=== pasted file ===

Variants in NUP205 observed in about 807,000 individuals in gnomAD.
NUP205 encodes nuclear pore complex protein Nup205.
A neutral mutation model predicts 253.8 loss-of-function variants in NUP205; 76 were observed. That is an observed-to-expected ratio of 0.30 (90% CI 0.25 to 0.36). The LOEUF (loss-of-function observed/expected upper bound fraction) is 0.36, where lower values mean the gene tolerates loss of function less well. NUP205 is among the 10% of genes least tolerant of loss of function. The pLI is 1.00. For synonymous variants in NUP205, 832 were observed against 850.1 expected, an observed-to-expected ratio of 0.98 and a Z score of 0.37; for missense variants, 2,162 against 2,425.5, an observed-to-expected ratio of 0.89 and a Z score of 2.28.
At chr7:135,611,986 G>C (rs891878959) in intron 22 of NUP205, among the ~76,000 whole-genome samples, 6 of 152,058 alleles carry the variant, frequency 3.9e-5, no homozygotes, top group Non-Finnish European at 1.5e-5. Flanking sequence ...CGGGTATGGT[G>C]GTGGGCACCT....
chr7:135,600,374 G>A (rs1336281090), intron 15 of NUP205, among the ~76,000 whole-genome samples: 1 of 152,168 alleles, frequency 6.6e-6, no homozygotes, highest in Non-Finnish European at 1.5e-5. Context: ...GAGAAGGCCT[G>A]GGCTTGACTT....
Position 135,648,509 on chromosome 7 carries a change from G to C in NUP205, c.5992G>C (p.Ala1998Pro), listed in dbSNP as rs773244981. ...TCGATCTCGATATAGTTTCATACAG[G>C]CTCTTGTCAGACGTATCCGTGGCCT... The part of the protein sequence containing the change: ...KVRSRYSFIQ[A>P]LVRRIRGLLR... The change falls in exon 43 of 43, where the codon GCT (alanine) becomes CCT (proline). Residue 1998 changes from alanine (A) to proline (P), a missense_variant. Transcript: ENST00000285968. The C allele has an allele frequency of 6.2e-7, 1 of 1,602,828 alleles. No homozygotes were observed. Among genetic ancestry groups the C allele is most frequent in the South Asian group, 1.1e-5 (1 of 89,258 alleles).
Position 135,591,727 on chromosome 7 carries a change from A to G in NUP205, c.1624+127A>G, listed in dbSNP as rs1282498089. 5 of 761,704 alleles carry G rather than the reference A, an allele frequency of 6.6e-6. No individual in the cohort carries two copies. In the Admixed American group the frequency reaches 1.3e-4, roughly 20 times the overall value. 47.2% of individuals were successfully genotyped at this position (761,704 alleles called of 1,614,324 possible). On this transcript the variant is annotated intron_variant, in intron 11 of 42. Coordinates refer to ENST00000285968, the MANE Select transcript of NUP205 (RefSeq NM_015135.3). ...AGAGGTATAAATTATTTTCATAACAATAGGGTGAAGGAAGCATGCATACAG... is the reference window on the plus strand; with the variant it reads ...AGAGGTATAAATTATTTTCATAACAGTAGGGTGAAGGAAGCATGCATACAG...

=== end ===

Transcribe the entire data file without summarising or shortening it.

Variants in NUP205 observed in about 807,000 individuals in gnomAD.
NUP205 encodes nuclear pore complex protein Nup205.
A neutral mutation model predicts 253.8 loss-of-function variants in NUP205; 76 were observed. That is an observed-to-expected ratio of 0.30 (90% CI 0.25 to 0.36). The LOEUF (loss-of-function observed/expected upper bound fraction) is 0.36, where lower values mean the gene tolerates loss of function less well. NUP205 is among the 10% of genes least tolerant of loss of function. The pLI is 1.00. For synonymous variants in NUP205, 832 were observed against 850.1 expected, an observed-to-expected ratio of 0.98 and a Z score of 0.37; for missense variants, 2,162 against 2,425.5, an observed-to-expected ratio of 0.89 and a Z score of 2.28.
At chr7:135,611,986 G>C (rs891878959) in intron 22 of NUP205, among the ~76,000 whole-genome samples, 6 of 152,058 alleles carry the variant, frequency 3.9e-5, no homozygotes, top group Non-Finnish European at 1.5e-5. Flanking sequence ...CGGGTATGGT[G>C]GTGGGCACCT....
chr7:135,600,374 G>A (rs1336281090), intron 15 of NUP205, among the ~76,000 whole-genome samples: 1 of 152,168 alleles, frequency 6.6e-6, no homozygotes, highest in Non-Finnish European at 1.5e-5. Context: ...GAGAAGGCCT[G>A]GGCTTGACTT....
Position 135,648,509 on chromosome 7 carries a change from G to C in NUP205, c.5992G>C (p.Ala1998Pro), listed in dbSNP as rs773244981. ...TCGATCTCGATATAGTTTCATACAG[G>C]CTCTTGTCAGACGTATCCGTGGCCT... The part of the protein sequence containing the change: ...KVRSRYSFIQ[A>P]LVRRIRGLLR... The change falls in exon 43 of 43, where the codon GCT (alanine) becomes CCT (proline). Residue 1998 changes from alanine (A) to proline (P), a missense_variant. Transcript: ENST00000285968. The C allele has an allele frequency of 6.2e-7, 1 of 1,602,828 alleles. No homozygotes were observed. Among genetic ancestry groups the C allele is most frequent in the South Asian group, 1.1e-5 (1 of 89,258 alleles).
Position 135,591,727 on chromosome 7 carries a change from A to G in NUP205, c.1624+127A>G, listed in dbSNP as rs1282498089. 5 of 761,704 alleles carry G rather than the reference A, an allele frequency of 6.6e-6. No individual in the cohort carries two copies. In the Admixed American group the frequency reaches 1.3e-4, roughly 20 times the overall value. 47.2% of individuals were successfully genotyped at this position (761,704 alleles called of 1,614,324 possible). On this transcript the variant is annotated intron_variant, in intron 11 of 42. Coordinates refer to ENST00000285968, the MANE Select transcript of NUP205 (RefSeq NM_015135.3). ...AGAGGTATAAATTATTTTCATAACAATAGGGTGAAGGAAGCATGCATACAG... is the reference window on the plus strand; with the variant it reads ...AGAGGTATAAATTATTTTCATAACAGTAGGGTGAAGGAAGCATGCATACAG...